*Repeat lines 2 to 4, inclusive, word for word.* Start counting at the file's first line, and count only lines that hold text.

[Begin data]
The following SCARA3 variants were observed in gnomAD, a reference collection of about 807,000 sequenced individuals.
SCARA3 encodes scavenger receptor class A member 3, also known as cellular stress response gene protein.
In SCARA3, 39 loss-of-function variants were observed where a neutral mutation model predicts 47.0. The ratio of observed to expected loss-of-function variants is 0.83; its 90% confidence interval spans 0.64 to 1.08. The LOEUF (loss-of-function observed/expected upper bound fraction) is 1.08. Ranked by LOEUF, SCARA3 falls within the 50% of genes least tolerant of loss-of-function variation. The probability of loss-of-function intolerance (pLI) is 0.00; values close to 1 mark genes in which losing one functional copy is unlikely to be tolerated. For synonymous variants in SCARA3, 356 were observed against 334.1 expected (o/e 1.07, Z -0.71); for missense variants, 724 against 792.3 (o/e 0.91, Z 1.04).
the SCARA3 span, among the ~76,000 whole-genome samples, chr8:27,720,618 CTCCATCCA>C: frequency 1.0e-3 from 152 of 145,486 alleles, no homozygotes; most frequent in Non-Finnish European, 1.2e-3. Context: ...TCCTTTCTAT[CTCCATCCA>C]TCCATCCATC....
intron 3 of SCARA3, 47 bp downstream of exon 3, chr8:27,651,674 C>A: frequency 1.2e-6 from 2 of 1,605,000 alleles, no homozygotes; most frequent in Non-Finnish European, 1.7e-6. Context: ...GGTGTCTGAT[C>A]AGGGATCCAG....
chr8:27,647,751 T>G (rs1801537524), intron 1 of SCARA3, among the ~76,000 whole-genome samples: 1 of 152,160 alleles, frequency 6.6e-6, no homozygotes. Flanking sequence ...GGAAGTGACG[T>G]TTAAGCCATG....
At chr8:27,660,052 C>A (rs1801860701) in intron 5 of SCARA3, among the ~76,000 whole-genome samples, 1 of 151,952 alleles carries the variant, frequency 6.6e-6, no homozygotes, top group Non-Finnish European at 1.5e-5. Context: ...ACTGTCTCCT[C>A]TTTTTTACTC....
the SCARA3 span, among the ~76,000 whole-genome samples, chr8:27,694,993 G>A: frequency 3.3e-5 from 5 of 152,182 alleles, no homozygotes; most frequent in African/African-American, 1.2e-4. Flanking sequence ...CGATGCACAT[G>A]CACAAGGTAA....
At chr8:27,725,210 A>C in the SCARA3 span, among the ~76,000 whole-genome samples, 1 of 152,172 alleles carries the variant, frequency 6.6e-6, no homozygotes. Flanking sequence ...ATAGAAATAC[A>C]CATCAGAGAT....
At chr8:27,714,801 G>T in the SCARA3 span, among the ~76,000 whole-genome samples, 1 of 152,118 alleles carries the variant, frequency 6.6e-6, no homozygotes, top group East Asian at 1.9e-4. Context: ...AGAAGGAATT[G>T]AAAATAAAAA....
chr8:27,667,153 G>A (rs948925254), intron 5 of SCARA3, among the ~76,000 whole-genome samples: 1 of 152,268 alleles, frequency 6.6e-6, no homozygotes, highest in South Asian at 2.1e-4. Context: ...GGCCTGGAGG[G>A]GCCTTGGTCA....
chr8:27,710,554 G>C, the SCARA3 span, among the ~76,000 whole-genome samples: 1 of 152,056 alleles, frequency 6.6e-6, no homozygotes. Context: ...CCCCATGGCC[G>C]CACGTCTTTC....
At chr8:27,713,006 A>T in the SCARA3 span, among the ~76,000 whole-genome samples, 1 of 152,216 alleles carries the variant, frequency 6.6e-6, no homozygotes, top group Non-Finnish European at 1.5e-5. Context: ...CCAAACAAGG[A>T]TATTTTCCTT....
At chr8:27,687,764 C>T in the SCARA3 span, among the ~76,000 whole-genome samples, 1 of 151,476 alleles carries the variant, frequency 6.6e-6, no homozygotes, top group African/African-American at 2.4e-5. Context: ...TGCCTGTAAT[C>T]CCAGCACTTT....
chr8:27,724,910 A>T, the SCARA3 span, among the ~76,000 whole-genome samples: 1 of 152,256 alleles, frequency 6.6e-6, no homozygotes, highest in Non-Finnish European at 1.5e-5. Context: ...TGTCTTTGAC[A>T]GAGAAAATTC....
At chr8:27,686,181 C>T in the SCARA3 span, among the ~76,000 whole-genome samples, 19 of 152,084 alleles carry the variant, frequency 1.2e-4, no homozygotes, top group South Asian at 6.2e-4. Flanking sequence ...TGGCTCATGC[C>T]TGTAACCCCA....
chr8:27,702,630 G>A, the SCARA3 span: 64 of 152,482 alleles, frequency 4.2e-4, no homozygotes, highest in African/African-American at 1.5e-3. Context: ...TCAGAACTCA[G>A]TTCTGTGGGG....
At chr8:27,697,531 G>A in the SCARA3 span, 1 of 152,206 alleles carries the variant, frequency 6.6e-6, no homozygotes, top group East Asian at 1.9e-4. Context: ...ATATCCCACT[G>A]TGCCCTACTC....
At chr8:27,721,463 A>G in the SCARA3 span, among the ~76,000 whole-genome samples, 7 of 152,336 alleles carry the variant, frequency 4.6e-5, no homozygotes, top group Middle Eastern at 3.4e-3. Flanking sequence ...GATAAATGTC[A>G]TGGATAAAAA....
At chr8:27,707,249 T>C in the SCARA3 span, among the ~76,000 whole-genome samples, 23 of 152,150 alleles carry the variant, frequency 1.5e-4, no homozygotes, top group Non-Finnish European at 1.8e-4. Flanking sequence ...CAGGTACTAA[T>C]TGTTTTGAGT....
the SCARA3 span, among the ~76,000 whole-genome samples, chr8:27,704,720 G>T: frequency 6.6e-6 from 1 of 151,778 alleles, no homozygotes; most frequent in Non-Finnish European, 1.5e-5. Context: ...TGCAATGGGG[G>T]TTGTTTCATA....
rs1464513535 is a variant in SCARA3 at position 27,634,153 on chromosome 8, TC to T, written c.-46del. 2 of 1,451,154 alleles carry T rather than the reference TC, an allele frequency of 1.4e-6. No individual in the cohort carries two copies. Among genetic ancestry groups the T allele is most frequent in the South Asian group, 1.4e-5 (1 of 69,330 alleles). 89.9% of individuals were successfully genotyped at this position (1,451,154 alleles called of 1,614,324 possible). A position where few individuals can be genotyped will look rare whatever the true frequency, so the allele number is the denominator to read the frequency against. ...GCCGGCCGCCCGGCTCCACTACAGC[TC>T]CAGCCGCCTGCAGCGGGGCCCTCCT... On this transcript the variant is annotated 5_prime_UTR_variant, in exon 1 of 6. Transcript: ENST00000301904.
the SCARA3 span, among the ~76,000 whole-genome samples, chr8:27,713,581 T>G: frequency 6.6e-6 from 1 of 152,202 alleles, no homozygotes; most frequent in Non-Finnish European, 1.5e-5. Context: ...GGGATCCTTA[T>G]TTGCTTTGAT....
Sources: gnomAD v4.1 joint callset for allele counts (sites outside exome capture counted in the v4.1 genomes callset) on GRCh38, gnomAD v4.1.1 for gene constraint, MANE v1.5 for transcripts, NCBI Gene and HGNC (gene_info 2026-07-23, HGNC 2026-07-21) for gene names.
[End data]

SCARA3 encodes scavenger receptor class A member 3, also known as cellular stress response gene protein.
In SCARA3, 39 loss-of-function variants were observed where a neutral mutation model predicts 47.0. The ratio of observed to expected loss-of-function variants is 0.83; its 90% confidence interval spans 0.64 to 1.08. The LOEUF (loss-of-function observed/expected upper bound fraction) is 1.08. Ranked by LOEUF, SCARA3 falls within the 50% of genes least tolerant of loss-of-function variation. The probability of loss-of-function intolerance (pLI) is 0.00; values close to 1 mark genes in which losing one functional copy is unlikely to be tolerated. For synonymous variants in SCARA3, 356 were observed against 334.1 expected (o/e 1.07, Z -0.71); for missense variants, 724 against 792.3 (o/e 0.91, Z 1.04).
the SCARA3 span, among the ~76,000 whole-genome samples, chr8:27,720,618 CTCCATCCA>C: frequency 1.0e-3 from 152 of 145,486 alleles, no homozygotes; most frequent in Non-Finnish European, 1.2e-3. Context: ...TCCTTTCTAT[CTCCATCCA>C]TCCATCCATC....